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Homecoming for “The Team”: Popular international drama airs in USA

2013 July 10

The Team DC (EMAIL)

By Katherine Seaton

“The Team” has aired in 17 other countries. So why are we bringing it home to the U.S.A.?

At Search for Common Ground, my focus is on projects that find common ground between people who identify themselves differently: republican or democrat, male or female, gay or straight, black or white. While conflict may get described along these lines, these descriptions fall short of people’s experiences. Especially for younger generations, differences are not a one-or-the-other phenomenon; they are a one-of-many issue. The United States of America is becoming more diverse than it has ever been before yet some studies say that we are more racially segregated today than we were during colonial times.[1] [2] Immigration is becoming a hot-button issue once again; we now have new words to describe the LGBTQ community; and new political parties are popping up that stray beyond the republican and democrat divide. As these differences become more visible and complex in our society, today’s youth are exploring and embracing the intricacies of their identities.

Minji-kickstarter-revised-blackAs these complexities arise, many young people are at a loss as to how to approach differences in themselves or in others and it often exacerbates bullying. According to the U.S. Department of Health & Human Services, teenage bullying affects 20% of students in grades 9–12.[3] A 2009 survey conducted by found that of more than 7,000 LGBT students aged 13–21 years found that eight of ten students had been verbally harassed at school because of their sexual orientation.[4] Bullying is a growing issue that stems from stereotypes and is fueled by social media.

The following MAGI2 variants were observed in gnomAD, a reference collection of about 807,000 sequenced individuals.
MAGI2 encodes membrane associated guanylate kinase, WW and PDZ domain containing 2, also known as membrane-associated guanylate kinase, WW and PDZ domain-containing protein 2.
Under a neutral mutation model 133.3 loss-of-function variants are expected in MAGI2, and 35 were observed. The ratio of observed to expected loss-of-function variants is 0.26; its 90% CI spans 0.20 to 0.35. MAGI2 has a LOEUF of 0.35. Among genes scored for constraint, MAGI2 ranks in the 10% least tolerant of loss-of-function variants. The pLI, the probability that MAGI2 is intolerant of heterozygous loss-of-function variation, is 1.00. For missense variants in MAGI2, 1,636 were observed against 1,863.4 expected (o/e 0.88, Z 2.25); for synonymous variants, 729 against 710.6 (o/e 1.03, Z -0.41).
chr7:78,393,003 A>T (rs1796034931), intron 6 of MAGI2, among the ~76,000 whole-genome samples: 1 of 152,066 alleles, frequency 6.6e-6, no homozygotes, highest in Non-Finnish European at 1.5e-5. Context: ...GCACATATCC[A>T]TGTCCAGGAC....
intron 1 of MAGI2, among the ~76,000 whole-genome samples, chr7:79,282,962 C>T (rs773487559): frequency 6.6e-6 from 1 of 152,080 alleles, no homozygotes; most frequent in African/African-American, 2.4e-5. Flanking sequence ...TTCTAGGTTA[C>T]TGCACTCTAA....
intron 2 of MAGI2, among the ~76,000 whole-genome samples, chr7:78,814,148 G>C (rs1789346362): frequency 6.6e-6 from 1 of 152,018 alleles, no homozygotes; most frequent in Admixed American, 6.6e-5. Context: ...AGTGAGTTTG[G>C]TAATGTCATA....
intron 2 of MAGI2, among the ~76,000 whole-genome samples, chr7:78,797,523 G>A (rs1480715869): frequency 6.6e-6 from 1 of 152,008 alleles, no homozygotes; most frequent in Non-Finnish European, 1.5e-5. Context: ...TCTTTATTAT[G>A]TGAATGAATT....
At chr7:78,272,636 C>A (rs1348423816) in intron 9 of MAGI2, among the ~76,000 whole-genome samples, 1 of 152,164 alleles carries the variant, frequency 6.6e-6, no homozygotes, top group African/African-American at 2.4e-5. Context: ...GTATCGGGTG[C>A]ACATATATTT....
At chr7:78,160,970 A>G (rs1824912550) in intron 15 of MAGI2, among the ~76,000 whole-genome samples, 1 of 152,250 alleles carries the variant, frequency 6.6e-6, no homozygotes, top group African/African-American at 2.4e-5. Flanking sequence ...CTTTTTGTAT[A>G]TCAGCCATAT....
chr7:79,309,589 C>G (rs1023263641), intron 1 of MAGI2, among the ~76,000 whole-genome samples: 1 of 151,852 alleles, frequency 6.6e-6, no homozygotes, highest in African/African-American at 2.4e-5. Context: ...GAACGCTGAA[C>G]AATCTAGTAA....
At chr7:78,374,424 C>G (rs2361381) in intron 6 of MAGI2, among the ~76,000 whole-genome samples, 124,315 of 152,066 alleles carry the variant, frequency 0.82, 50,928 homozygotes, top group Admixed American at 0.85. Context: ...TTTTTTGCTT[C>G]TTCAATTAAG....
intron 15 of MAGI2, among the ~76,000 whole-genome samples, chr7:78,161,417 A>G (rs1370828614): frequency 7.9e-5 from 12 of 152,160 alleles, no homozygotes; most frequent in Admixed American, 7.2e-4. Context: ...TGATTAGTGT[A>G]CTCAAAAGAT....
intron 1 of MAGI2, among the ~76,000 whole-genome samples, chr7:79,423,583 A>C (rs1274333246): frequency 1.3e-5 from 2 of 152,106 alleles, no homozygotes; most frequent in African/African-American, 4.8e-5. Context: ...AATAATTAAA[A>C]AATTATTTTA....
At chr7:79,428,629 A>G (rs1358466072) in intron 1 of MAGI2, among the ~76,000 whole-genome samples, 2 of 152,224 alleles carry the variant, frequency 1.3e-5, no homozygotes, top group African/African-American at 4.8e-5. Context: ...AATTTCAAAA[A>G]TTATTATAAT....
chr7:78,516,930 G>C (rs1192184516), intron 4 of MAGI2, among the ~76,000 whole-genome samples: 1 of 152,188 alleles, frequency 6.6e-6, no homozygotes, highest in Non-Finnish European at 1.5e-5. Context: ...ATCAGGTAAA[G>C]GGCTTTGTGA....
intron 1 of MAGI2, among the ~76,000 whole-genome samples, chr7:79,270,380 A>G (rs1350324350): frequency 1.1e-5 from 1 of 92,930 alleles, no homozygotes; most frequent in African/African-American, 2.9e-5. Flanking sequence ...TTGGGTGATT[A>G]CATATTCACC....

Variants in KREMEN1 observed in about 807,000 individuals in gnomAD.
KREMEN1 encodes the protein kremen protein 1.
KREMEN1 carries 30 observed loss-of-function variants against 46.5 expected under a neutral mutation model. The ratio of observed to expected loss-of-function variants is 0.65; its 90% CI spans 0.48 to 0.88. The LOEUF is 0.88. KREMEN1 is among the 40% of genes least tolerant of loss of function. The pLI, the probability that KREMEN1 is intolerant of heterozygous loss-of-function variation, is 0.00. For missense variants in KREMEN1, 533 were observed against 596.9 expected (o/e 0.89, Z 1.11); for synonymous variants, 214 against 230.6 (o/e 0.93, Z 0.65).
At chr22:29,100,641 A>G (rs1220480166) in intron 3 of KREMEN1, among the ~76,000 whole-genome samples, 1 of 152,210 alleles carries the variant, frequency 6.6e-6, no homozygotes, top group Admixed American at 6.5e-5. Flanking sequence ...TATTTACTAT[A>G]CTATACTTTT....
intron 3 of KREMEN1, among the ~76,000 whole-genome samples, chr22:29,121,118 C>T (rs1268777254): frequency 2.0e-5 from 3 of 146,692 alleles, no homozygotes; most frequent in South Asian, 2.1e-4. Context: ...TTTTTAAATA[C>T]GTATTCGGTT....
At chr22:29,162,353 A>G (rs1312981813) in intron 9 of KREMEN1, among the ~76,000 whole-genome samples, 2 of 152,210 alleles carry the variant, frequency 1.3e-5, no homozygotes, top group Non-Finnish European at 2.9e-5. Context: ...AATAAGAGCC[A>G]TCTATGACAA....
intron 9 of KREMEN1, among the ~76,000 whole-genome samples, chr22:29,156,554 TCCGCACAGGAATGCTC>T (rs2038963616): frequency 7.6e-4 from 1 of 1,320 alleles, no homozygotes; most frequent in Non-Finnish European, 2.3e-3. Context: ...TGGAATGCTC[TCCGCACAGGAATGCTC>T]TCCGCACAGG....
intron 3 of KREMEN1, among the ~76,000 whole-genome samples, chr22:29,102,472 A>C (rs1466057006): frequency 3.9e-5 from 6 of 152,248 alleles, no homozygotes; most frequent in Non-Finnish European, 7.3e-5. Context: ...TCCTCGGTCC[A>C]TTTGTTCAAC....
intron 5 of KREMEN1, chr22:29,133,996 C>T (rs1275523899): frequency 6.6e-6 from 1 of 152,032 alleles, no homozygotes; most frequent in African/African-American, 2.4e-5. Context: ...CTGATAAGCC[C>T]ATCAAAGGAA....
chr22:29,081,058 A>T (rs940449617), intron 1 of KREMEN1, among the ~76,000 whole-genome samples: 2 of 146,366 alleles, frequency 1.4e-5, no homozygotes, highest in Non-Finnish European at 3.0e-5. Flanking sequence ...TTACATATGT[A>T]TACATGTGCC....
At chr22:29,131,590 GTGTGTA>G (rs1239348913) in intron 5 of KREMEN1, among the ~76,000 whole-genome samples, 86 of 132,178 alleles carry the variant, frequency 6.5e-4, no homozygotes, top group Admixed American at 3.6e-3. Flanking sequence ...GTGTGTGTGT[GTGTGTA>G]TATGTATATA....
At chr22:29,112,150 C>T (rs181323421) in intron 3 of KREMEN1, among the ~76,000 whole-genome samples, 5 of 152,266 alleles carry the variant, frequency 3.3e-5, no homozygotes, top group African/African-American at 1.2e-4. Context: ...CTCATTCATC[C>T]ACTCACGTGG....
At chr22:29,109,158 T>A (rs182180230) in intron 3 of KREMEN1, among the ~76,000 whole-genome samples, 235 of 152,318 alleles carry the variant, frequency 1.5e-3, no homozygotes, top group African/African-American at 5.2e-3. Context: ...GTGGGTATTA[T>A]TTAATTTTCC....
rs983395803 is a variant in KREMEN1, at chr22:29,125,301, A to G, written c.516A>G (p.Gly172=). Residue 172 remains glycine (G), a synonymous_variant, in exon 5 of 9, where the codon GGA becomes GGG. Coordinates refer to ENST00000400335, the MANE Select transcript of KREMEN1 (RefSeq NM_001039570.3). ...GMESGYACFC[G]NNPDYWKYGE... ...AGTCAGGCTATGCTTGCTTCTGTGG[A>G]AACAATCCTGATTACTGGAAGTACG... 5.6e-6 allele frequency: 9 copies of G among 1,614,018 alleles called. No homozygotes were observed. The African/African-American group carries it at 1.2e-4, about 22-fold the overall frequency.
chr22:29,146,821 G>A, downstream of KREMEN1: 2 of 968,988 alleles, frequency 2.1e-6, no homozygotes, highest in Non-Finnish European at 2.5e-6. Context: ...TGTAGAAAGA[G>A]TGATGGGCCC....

Social media creates a transparent world where differences are highlighted and perception is reality. Seeing an online profile has more weight to a teenager than passing a classmate in the hallway. Young people are engaging with each other through social media without actually having a face to face conversation, strengthening misunderstanding and escalating reactions. If youth fail to talk about their issues, we will have an entire generation that doesn’t know how to resolve conflict without violence. It takes an entirely different and new skill set to squash conflict and focus on commonalities. But finding common ground does not come easily, especially when differences are broadcast on a profile, or in a picture for the world to see. It takes a new and creative approach, one that will reach young people the way they understand themselves and others, to change the way youth perceive and react to differences.

With the right resources, we can help end violence in hallways or on the internet and help youth understand their differences in more constructive ways. This is why Search has decided to produce a TV show called The Team DC, which will help youth talk about their different identities in healthy ways while using a medium that they are extremely comfortable with. We will broadcast the show as a web series and take input from youth across the United States to help develop characters in the series and discuss the issues they face to make it as interactive and relevant as possible. Through a web series format, young people will be able to watch the show whenever and wherever they want and immediately post their thoughts and experiences with the different issues on social media sites. Using this creative and relevant method to reach young people, we hope to stir up a new conversation, focused on mutual respect and understanding for one another.

Click below,  to learn more about about the project.


The Team comes home_4


Katherine Seaton is a Program Associate for Search for Common Ground USA. A graduate of American University in Washington, DC, she majored in International Communication but has changed her focus for the time being to work on issues affecting the United States of America.


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